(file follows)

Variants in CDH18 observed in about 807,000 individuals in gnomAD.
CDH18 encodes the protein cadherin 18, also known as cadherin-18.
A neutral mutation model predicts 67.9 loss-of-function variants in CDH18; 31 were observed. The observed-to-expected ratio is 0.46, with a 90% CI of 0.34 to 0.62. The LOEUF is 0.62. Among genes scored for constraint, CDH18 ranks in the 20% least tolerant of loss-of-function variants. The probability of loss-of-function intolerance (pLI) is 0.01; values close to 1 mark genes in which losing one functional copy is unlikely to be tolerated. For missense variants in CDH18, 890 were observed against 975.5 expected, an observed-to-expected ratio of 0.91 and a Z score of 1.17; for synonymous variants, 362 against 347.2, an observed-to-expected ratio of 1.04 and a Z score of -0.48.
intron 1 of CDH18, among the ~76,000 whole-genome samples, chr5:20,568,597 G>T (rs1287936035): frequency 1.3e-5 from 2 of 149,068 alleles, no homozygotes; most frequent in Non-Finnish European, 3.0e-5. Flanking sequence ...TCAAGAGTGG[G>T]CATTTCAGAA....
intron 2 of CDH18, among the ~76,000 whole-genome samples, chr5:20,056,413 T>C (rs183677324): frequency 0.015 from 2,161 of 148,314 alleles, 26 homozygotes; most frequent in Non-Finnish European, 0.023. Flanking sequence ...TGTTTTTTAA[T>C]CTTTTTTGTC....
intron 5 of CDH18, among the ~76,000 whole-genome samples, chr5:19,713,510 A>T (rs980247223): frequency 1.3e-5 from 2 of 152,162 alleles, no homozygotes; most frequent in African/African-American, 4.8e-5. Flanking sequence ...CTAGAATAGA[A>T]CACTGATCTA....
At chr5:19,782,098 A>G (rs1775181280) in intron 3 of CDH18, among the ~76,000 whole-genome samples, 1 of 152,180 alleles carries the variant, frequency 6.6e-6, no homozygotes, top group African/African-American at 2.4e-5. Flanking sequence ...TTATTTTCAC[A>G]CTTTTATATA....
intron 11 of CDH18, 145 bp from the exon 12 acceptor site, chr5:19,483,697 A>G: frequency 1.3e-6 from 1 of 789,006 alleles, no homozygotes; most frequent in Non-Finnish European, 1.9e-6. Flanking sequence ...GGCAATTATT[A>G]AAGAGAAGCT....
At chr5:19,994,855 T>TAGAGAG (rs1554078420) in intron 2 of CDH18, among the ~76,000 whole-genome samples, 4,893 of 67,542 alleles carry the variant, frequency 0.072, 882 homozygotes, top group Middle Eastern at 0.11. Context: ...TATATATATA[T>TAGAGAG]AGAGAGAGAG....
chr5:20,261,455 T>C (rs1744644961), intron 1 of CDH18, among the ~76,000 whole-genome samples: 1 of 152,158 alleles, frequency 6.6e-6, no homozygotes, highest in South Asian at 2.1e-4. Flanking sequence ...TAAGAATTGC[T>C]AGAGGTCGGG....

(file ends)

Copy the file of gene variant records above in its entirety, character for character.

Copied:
Variants in CDH18 observed in about 807,000 individuals in gnomAD.
CDH18 encodes the protein cadherin 18, also known as cadherin-18.
A neutral mutation model predicts 67.9 loss-of-function variants in CDH18; 31 were observed. The observed-to-expected ratio is 0.46, with a 90% CI of 0.34 to 0.62. The LOEUF is 0.62. Among genes scored for constraint, CDH18 ranks in the 20% least tolerant of loss-of-function variants. The probability of loss-of-function intolerance (pLI) is 0.01; values close to 1 mark genes in which losing one functional copy is unlikely to be tolerated. For missense variants in CDH18, 890 were observed against 975.5 expected, an observed-to-expected ratio of 0.91 and a Z score of 1.17; for synonymous variants, 362 against 347.2, an observed-to-expected ratio of 1.04 and a Z score of -0.48.
intron 1 of CDH18, among the ~76,000 whole-genome samples, chr5:20,568,597 G>T (rs1287936035): frequency 1.3e-5 from 2 of 149,068 alleles, no homozygotes; most frequent in Non-Finnish European, 3.0e-5. Flanking sequence ...TCAAGAGTGG[G>T]CATTTCAGAA....
intron 2 of CDH18, among the ~76,000 whole-genome samples, chr5:20,056,413 T>C (rs183677324): frequency 0.015 from 2,161 of 148,314 alleles, 26 homozygotes; most frequent in Non-Finnish European, 0.023. Flanking sequence ...TGTTTTTTAA[T>C]CTTTTTTGTC....
intron 5 of CDH18, among the ~76,000 whole-genome samples, chr5:19,713,510 A>T (rs980247223): frequency 1.3e-5 from 2 of 152,162 alleles, no homozygotes; most frequent in African/African-American, 4.8e-5. Flanking sequence ...CTAGAATAGA[A>T]CACTGATCTA....
At chr5:19,782,098 A>G (rs1775181280) in intron 3 of CDH18, among the ~76,000 whole-genome samples, 1 of 152,180 alleles carries the variant, frequency 6.6e-6, no homozygotes, top group African/African-American at 2.4e-5. Flanking sequence ...TTATTTTCAC[A>G]CTTTTATATA....
intron 11 of CDH18, 145 bp from the exon 12 acceptor site, chr5:19,483,697 A>G: frequency 1.3e-6 from 1 of 789,006 alleles, no homozygotes; most frequent in Non-Finnish European, 1.9e-6. Flanking sequence ...GGCAATTATT[A>G]AAGAGAAGCT....
At chr5:19,994,855 T>TAGAGAG (rs1554078420) in intron 2 of CDH18, among the ~76,000 whole-genome samples, 4,893 of 67,542 alleles carry the variant, frequency 0.072, 882 homozygotes, top group Middle Eastern at 0.11. Context: ...TATATATATA[T>TAGAGAG]AGAGAGAGAG....
chr5:20,261,455 T>C (rs1744644961), intron 1 of CDH18, among the ~76,000 whole-genome samples: 1 of 152,158 alleles, frequency 6.6e-6, no homozygotes, highest in South Asian at 2.1e-4. Flanking sequence ...TAAGAATTGC[T>C]AGAGGTCGGG....